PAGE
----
Part of the entrance fee into a free society is acceptance that while you have the right to believe as you choose, you have no right to expect others will share or even respect those beliefs.
No one should expect to come to a new place and say, “I’m here now, so you change who you are to accommodate me.” Newcomers can and certainly do add beneficial cultural layers to a diverse society. But when they demand that their new home become just like the one they left, it sets up inevitable clashes.
Paris saw the most deadly version of that dynamic last week, when two armed Islamic radicals stormed through the offices of a satirical newspaper and murdered 12 people. The jihadists claimed to be avenging the Prophet Muhammad, a frequent target of the publication’s cartoonists and writers.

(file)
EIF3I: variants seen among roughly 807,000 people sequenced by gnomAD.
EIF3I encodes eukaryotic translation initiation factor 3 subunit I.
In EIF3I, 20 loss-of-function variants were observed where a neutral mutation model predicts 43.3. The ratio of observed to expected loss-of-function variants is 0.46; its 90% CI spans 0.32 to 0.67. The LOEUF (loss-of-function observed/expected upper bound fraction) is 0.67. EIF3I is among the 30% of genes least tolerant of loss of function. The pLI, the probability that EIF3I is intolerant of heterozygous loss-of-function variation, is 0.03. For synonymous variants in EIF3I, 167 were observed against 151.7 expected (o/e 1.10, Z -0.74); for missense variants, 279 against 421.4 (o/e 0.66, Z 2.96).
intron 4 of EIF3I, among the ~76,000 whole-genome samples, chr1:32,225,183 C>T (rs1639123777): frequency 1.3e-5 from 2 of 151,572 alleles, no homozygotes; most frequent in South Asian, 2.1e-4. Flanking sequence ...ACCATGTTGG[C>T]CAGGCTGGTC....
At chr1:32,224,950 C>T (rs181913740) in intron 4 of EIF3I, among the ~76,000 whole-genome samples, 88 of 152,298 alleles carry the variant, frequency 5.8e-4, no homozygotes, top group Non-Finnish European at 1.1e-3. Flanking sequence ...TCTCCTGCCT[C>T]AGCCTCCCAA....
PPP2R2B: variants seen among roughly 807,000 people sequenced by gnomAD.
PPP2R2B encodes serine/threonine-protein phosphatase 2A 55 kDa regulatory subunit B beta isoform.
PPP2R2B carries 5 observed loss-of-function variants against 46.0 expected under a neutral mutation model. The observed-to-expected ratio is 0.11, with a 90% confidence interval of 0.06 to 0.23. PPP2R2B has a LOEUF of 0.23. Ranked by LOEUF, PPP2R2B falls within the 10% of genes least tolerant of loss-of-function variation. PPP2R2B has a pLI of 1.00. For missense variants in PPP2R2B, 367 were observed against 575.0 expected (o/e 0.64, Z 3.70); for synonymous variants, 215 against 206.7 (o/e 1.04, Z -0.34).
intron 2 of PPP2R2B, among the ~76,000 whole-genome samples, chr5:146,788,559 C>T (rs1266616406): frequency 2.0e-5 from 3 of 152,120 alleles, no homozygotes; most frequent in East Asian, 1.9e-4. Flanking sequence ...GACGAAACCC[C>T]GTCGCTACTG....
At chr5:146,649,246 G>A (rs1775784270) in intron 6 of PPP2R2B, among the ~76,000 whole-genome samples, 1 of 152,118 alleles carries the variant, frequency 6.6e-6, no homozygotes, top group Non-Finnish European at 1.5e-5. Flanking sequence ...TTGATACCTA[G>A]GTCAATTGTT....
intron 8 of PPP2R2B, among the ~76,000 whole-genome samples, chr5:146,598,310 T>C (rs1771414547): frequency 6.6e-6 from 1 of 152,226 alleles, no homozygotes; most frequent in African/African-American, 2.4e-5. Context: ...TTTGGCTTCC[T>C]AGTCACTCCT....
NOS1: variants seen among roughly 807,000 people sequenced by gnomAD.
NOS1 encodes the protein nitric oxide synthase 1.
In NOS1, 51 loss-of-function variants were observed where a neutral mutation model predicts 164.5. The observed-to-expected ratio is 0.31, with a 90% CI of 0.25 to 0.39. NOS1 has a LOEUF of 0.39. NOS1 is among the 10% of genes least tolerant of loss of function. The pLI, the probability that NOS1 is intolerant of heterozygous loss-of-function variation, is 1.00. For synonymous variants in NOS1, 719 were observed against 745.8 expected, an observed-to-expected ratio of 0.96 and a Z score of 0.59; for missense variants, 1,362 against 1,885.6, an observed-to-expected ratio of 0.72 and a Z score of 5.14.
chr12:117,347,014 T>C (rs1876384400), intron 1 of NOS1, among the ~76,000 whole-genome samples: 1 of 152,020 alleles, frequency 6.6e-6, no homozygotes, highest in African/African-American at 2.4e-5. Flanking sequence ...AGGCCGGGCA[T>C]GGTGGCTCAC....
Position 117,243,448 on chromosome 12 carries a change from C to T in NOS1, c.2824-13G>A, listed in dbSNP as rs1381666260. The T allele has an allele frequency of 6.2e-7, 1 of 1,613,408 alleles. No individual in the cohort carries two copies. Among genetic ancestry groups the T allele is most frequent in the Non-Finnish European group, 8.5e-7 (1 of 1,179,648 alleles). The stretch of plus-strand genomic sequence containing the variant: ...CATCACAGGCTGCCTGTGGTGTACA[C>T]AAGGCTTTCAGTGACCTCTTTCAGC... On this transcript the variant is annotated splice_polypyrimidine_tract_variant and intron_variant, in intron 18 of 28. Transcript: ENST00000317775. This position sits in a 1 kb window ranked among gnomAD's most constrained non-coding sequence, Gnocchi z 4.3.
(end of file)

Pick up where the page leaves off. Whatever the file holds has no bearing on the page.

Much of the content of the Charlie Hebdo newspaper is vile and disgusting. It features grotesque drawings and inflammatory, irreverent articles that often appear at the most inappropriate times.